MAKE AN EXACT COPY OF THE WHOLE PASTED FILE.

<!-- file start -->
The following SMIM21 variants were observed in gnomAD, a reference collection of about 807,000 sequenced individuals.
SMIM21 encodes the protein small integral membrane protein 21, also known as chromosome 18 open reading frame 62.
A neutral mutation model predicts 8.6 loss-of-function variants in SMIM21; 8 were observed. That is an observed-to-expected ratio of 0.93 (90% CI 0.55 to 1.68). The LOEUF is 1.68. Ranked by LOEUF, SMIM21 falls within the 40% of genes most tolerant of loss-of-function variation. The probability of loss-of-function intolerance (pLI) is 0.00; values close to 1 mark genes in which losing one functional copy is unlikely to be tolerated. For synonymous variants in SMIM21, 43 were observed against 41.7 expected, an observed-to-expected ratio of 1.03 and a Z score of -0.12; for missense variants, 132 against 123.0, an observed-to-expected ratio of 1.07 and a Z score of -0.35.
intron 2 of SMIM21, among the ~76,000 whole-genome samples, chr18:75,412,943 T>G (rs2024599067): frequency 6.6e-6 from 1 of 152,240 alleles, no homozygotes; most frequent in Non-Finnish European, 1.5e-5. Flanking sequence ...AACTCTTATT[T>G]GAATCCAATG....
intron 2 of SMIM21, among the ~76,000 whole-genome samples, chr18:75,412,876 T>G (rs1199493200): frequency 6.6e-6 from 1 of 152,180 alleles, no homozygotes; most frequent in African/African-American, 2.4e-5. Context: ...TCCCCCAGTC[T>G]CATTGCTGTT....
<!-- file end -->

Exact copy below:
The following SMIM21 variants were observed in gnomAD, a reference collection of about 807,000 sequenced individuals.
SMIM21 encodes the protein small integral membrane protein 21, also known as chromosome 18 open reading frame 62.
A neutral mutation model predicts 8.6 loss-of-function variants in SMIM21; 8 were observed. That is an observed-to-expected ratio of 0.93 (90% CI 0.55 to 1.68). The LOEUF is 1.68. Ranked by LOEUF, SMIM21 falls within the 40% of genes most tolerant of loss-of-function variation. The probability of loss-of-function intolerance (pLI) is 0.00; values close to 1 mark genes in which losing one functional copy is unlikely to be tolerated. For synonymous variants in SMIM21, 43 were observed against 41.7 expected, an observed-to-expected ratio of 1.03 and a Z score of -0.12; for missense variants, 132 against 123.0, an observed-to-expected ratio of 1.07 and a Z score of -0.35.
intron 2 of SMIM21, among the ~76,000 whole-genome samples, chr18:75,412,943 T>G (rs2024599067): frequency 6.6e-6 from 1 of 152,240 alleles, no homozygotes; most frequent in Non-Finnish European, 1.5e-5. Flanking sequence ...AACTCTTATT[T>G]GAATCCAATG....
intron 2 of SMIM21, among the ~76,000 whole-genome samples, chr18:75,412,876 T>G (rs1199493200): frequency 6.6e-6 from 1 of 152,180 alleles, no homozygotes; most frequent in African/African-American, 2.4e-5. Context: ...TCCCCCAGTC[T>G]CATTGCTGTT....